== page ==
Authors: Robert Soule, Martin Hirzel, Bugra Gedik, Robert Grimm 

Title: From a Calculus to an Execution Environment for Stream Processing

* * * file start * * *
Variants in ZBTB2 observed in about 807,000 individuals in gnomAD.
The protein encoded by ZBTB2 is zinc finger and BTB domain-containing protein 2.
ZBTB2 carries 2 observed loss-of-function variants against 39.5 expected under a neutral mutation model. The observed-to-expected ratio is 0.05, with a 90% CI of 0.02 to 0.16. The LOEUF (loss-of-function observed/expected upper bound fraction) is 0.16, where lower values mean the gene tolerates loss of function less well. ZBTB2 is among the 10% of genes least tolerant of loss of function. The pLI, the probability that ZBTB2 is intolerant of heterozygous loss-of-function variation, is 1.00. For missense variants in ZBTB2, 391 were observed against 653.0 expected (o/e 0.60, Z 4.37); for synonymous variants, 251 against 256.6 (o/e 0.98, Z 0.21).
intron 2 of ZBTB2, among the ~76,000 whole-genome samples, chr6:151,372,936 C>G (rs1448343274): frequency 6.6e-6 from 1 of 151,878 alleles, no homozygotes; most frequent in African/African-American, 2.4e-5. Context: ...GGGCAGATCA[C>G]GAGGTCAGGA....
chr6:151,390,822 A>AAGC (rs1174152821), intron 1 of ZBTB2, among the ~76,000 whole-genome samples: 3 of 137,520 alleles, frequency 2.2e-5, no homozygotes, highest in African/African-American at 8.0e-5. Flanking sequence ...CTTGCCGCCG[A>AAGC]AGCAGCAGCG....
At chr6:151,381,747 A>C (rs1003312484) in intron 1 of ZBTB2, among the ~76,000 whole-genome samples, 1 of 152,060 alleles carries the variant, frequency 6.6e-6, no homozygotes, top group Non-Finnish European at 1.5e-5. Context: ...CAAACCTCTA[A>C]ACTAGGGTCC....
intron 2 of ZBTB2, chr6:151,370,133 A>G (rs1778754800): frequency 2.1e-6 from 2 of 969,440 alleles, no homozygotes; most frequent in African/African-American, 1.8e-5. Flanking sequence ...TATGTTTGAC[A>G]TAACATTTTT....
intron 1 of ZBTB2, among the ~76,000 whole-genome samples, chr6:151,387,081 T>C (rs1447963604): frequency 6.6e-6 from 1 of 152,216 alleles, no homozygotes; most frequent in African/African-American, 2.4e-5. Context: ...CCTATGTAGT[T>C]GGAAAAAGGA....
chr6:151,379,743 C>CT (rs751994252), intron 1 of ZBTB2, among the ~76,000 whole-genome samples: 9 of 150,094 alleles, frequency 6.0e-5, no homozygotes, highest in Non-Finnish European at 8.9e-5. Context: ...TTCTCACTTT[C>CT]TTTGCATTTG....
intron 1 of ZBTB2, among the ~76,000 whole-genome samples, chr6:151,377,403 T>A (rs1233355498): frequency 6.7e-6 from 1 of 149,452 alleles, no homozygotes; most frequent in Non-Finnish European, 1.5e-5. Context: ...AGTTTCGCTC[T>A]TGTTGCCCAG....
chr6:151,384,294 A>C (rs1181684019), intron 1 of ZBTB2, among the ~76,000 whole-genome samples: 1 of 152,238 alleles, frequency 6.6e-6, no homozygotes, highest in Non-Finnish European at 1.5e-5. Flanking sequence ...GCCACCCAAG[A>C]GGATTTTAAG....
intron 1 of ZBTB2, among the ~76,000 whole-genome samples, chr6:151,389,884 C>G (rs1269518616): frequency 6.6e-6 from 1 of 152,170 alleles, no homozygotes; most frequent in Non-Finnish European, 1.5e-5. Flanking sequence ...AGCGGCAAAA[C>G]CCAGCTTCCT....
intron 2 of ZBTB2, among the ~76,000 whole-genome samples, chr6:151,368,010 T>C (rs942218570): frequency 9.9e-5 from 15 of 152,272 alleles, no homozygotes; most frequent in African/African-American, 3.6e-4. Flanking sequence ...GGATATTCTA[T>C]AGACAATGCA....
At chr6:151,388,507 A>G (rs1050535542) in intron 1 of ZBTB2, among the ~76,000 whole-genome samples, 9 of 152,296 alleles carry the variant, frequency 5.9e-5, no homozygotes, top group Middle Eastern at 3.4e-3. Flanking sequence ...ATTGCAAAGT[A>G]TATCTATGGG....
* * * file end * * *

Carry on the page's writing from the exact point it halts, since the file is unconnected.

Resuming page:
At one level, this paper is about River, a virtual execution environment for stream processing. Stream processing is a paradigm well-suited for many modern data processing systems that ingest high-volume data streams from the real world, such as audio/video streaming, high-frequency trading, and security monitoring. One attractive property of stream processing is that it lends itself to parallelization on multi-cores, and even to distribution on clusters when extreme scale is required. Stream processing has been co-evolved by several communities, leading to diverse languages with similar core concepts. Providing a common execution environment reduces language development effort and increases portability. We designed River as a practical realization of Brooklet, a calculus for stream processing.  So at another level, this paper is about a journey from theory (the calculus) to practice (the execution environment). The challenge is that, by definition, a calculus abstracts away all but the most central concepts. Hence, there are several research questions in concretizing the missing parts, not to mention a significant engineering effort in implementing them. But the effort is well worth it, because the benefit of using a calculus as a foundation is that it yields clear semantics and proven correctness results.